RNA editing in mammals is exclusively of the substitutional type. Two types of substitutional RNA have been reported in mammals, namely adenosine to inosine (A to I) and cytosine to uracil (C to U) RNA editing (1,2). All forms of substitutional RNA editing result in an alteration of the amino acid sequence encoded by the edited mRNA, emphasizing the relevance of this model of genetic regulation in creating diversity at the level of the transcriptome. A to I RNA editing modifies pre-mRNA transcripts of the neuronal calcium-gated glutamate receptor (GluR) and serotonin (5HT) receptor-type 2c mRNA, as well as viral RNA such as hepatitis delta virus (2). A to I RNA editing is mediated through the enzymatic action of distinct members of a family of adenosine deaminases acting on double-stranded RNA (ADARs). At least three members of this gene family have been characterized, each with partially overlapping target specificity, suggesting that a range of potential targets exist for each member (1,2). A to I RNA editing proceeds via enzymatic deamination at the C6 position of the purine ring. The reading frame of the edited transcript is altered because the inosine residue is recognized as guanosine by the translational apparatus, making the net change an A to G. The selectivity of A to I RNA editing depends upon an intronic sequence which can fold and undergo base pairing with an adjacent exonic complementary sequence, resulting in the formation of a double-stranded structure encompassing the editing site (2,10). This requirement for a double-stranded RNA template is an important distinction between A to I and C to U RNA editing since the former requires a pre-mRNA template containing intronic regions which form a double-stranded conformation with a complementary region of the exon containing the edited base. A to I RNA editing is thus confined to unspliced RNA transcripts. There is a second biochemical distinction between A to I and C to U RNA editing. Specifically, A to I RNA editing is mediated by ADAR gene products that are functionally competent as single recombinant proteins. ADARs do not exhibit a requirement for additional cofactors in order to mediate enzymatic activity since each protein contains both double-stranded RNA-binding domains as well as a deaminase domain which together permits them to act as modular-editing enzymes in vitro (2,10).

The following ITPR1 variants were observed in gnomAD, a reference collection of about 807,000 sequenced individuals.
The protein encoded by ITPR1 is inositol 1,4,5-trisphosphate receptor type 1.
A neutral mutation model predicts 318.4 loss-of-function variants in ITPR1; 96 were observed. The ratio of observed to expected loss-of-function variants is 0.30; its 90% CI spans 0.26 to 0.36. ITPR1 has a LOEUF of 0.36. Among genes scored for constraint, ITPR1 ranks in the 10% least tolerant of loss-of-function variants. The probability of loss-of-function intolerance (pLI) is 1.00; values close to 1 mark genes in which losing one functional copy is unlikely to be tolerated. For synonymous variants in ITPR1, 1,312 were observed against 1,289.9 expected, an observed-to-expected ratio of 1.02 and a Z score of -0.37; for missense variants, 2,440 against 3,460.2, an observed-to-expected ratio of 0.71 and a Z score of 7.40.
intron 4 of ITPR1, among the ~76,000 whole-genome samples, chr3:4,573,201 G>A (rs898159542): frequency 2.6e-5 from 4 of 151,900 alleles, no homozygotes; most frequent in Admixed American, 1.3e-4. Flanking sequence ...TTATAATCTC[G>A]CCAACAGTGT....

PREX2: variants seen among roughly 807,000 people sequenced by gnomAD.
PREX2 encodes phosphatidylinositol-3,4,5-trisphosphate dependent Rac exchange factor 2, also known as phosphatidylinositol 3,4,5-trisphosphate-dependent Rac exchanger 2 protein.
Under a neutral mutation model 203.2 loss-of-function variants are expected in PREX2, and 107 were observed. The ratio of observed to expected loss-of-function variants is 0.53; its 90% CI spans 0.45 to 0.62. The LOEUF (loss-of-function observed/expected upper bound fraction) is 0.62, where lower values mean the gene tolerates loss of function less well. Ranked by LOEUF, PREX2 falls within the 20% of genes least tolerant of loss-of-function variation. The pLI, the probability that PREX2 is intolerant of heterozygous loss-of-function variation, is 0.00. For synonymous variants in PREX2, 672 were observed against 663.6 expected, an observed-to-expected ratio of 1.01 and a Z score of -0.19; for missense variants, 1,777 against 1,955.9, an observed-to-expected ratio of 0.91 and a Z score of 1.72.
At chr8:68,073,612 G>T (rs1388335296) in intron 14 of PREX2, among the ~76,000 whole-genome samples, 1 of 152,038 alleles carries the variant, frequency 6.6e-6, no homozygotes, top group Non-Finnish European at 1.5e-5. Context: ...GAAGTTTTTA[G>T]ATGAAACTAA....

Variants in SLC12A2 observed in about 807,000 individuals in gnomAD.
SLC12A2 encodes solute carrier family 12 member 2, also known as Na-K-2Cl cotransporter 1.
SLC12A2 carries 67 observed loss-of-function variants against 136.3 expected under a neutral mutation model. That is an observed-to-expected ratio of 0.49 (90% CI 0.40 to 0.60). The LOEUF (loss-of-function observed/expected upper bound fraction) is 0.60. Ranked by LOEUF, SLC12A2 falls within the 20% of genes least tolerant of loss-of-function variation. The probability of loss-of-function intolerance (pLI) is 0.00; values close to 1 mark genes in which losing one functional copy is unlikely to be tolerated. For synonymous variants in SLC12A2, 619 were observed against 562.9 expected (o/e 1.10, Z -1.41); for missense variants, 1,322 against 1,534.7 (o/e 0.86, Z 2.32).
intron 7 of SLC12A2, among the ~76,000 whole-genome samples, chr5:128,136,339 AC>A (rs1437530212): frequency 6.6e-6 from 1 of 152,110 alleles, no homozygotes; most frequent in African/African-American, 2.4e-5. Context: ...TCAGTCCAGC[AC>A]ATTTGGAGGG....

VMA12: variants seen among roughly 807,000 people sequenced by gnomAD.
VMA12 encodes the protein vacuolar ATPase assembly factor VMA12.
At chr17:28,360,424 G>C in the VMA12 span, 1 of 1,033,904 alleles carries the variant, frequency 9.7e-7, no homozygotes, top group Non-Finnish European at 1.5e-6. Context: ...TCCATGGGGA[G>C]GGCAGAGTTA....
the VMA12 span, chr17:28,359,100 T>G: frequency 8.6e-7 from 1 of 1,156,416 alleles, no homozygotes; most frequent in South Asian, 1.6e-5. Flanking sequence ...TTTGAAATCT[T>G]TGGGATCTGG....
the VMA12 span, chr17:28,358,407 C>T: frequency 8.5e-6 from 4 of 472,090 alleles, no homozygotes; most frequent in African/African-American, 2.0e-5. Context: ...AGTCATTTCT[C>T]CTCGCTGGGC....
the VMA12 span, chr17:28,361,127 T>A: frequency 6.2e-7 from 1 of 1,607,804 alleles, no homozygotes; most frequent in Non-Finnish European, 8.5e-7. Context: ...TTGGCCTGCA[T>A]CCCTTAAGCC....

Three examples of C to U substitutional RNA editing have been described in mammals and each will be reviewed to provide a framework for a detailed discussion of the underlying mechanisms. These include the RNAs encoding apolipoproteinB (apoB), neurofibromatosis type 1 (NF1), and the novel target of apobec-1 (NAT1). ApoB RNA editing is the original and most extensively described form of C to U substitutional editing and will be the major focus of this review. NF1 RNA editing is less well understood, but the available information suggests that certain features may be shared with apoB RNA editing. NAT1 is a novel gene with homology to the translational repressor eIF4G and was discovered in a genetic screen for targets of apobec-1 (described in Section II.C).
In addition to these well-described examples, there are other reports of substitutional RNA editing in mammals, each involving U to C changes. These include RNA editing of the Wilms' tumor susceptibility gene (WT1) in rodent and human tissues, and U to C RNA editing of the mouse mitochondrial 16S transcript in certain tissues (11). In regard to the possible U to C editing of the WT1 RNA, an intriguing report almost a decade ago (12) indicated that a single nucleotide change was observed in both rat and human tissues at a conserved position (nucleotide 839) which resulted in a change in the amino acid sequence from leucine (CTC) to proline (CCC). U to C RNA editing modified ~ 30% of the endogenous WT1 transcripts and the change was further predicted to result in a loss of repressor activity with functional implications in both renal growth and malignant transformation (12). However, two more recent reports failed to confirm these earlier findings. In one report, a series of 15 Wilms' tumor samples was analyzed and revealed only the wild-type (CTC) sequence (13). A second report demonstrated less than 1% RNA editing in rat and mouse kidney and no editing in a human sample (14). Our summary conclusions from these studies suggest that methodological or strain-specific differences may account for the divergent results. From a practical perspective, this uncertainty precludes any formal conclusions concerning the incidence, extent, or potential biological significance of WT1 RNA editing at this time.
Another example of U to C RNA editing was recently reported in which this modification occurred in a chimeric transcript containing 16S mitochondrial RNA joined by a linker sequence of 121 nt to the 5' end of ribosomal RNA (15). The workers found a single U to C change in the chimeric 16S RNA isolated from sperm and testis RNA, and further demonstrated both edited and unedited forms of the RNA in somatic tissues such as spleen and liver (11). The authors formally excluded such possibilities as cloning artefact, genetic polymorphisms, and amplification of a pseudogene, as well as RNA polymerase misincorporation. Although the mechanism of this apparent U-to-C-editing reaction was not addressed, potential explanations include transamination and transglycosylation of the targeted nucleoside base. Similarly, the function of the chimeric RNA remains unknown and the impact of this putative RNA-editing event awaits further study.
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